Pseudo 7-Segment Display on a 128×64 pixel OLED

Downloads appear at the end of this post.

Graphic image of a display device showing large and small numbers.
128×64 Pixel OLED showing the time on a simulated 7-segment display.

I’ve mentioned in a previous post that I’ve started to use MicroBlocks ( to write programs for the Raspberry Pi Pico. It comes with an OLED extension library which allows text and numbers to be written to the screen. The commands control the simple 128×64 I2C displays, which can be easily connected to Pins 4 and 5 on the Raspberry Pi Pico.

One thing that I noticed, however, is that the size of the standard text is really a bit small for my eyes now, so I wanted to see if I could write a small set of functions that would change the size of digits on screen, by simulating a 7-segment display.

I remembered that a 7-segment display starts with a simple diagram that names each segment with a letter. In the standard layout, segment “a” is at the top, and then the segments clockwise from here are “b” through to “f”, with the central segment being “g”. In order to store this using MicroBlocks, I needed a list.

It took me a little while to get my head around this. Digit 0 needs all of the segments except the central one. Digit 1 needs segments “b” and “c”. In MicroBlocks however, the lists start at item 1, which meant that I had to remember to take account of this later.

The next step was to create a function that looked that the digit required, decide which segments are turned-on or turned-off and draw these as rectangles on the screen using the OLED library commands. If there is an “a” in the SegmentList, then it is drawn on the OLED pixels, and if not, it is erased. I defer updating the OLED pixels until all of the segments have been drawn so that there is no flicker.

Part of the routine for drawing the segments

Once I had the main functions written, it’s a relatively simple task to use them to show large digits on the screen. I had to use modulo and division mathematical functions to separate out the units, tens and hundreds, and then shift the XPosition of each segment before display.


There are two MicroBlocks programs ready to download:

Counting to 999 on an OLED display (7SegmentDisplay.ubp)

Real-time clock and large simulated display (LargeDisplayClock.ubp)


Poundland Universal Remote Control

I’ve been experimenting with the infra-red input commands on the PICAXE for some simple remote control Lego robots. There is an official remote control for the PICAXE – in an eye-catching blue case, but for economy I’ve bought a bunch of Poundland universal remote controls.

They don’t give the same hardwearing impression that the official ones give – the cases are a little more flimsy, but they do seem more than adequate to remote control a PICAXE and can therefore add a whole new dimension to PICAXE circuits. An infra-red receiver is an easy thing to add and it means that one input can effectively pretend to be many switches – all present remotely on the handset.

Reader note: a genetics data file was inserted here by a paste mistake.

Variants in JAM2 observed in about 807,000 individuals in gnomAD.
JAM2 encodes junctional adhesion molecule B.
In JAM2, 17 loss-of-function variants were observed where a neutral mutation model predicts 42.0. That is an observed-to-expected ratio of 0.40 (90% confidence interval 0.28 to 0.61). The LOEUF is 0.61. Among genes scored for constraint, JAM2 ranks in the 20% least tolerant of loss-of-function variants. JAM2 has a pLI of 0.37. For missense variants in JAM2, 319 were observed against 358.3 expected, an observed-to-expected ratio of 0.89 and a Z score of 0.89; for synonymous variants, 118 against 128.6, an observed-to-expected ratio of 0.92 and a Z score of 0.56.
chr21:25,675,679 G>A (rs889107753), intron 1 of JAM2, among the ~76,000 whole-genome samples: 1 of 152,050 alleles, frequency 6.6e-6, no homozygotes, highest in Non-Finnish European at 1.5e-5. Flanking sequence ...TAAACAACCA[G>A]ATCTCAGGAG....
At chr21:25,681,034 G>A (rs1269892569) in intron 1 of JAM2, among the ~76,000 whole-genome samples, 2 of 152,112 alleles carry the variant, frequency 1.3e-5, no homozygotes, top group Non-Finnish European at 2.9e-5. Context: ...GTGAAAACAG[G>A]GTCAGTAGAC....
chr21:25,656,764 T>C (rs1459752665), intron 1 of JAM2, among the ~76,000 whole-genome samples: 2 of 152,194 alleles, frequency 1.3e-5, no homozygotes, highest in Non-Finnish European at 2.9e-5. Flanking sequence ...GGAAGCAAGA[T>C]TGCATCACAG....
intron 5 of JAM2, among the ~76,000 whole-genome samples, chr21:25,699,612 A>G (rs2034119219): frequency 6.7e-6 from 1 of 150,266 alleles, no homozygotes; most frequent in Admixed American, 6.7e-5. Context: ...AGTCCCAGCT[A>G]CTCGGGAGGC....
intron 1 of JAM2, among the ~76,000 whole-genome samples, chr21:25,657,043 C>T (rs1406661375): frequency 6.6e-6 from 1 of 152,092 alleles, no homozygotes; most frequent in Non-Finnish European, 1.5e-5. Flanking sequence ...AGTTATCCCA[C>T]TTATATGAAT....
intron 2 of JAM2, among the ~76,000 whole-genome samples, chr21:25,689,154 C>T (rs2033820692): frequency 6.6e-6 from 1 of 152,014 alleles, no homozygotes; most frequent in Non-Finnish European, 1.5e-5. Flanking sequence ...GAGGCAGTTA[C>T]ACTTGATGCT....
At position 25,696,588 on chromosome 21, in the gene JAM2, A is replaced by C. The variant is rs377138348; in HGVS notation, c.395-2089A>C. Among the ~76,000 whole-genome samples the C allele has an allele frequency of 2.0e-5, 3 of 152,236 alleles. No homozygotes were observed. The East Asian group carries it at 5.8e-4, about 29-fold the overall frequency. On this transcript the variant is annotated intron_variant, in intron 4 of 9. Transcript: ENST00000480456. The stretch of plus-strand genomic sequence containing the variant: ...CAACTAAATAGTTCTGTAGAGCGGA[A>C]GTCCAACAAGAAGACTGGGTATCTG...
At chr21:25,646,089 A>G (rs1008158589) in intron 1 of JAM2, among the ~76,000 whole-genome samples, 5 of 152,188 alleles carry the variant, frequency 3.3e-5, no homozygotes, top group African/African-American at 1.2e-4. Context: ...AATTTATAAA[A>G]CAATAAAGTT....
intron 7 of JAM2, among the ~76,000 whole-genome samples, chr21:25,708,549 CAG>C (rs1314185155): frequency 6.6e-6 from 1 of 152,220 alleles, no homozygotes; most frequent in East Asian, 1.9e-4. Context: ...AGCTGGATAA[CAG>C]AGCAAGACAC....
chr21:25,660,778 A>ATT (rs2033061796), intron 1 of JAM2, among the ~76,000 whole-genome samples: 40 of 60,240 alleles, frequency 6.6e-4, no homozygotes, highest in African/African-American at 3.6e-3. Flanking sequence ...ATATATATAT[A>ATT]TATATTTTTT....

To program the remote, press and hold the TV remote for 5 seconds. The LED will light at this point. Type in the code 0495. When this is completed, the LED will go out and the remote is ready to use.

The command to receive the remote signals is to use:

irin [100],3,b0

Assuming that you’re using input 3. I often use the 08M2 Picaxe, and this is fine. The value is dumped into byte variable b0.

Often I use the following program:

    irin [100],3,b0
    goto main

to see the effect of pressing different buttons in the debug window.

I’ve discovered the following codes  (File: PoundlandUniversalRemote as a PDF file):


Scratch, Python and PICAXE conversion

Python, Scratch and PICAXE conversion for simple commands and I/O

Python, Scratch and PICAXE conversion for simple commands and I/O

I often find that I’m having to jump around between Scratch, Python and PICAXE Basic. It’s quite easy to get tangled with the different structures – I keep putting in a # for a PICAXE comment, and the odd colon here and there. Colons in PICAXE are used for labels, not at the end of looping and conditional branches. So… here’s a quick chart which also covers some GPIO stuff.

Scratch-PICAXE Conversion

Scratch -to- Python Conversion

Scratch to Python conversion sheet - click for a PDF file

Scratch to Python conversion sheet – click for a PDF file

Just as you get used to one programming language, the goalposts change and you need another one! This little guide sheet, on two A4 pages, covers the basics of using variables, decisions, lists and loops.

It has been written for Python 3 (the most commonly encountered difference is the need to put brackets around bits that need printing).

I’m going to keep a printed version with me as I’m sure it’ll be useful for explaining the different ways of constructing decisions and loops.

If I get the time, I’ll create pages 3 & 4 – perhaps to cover using GPIO within Scratch and Python.

Python-Scratch Conversion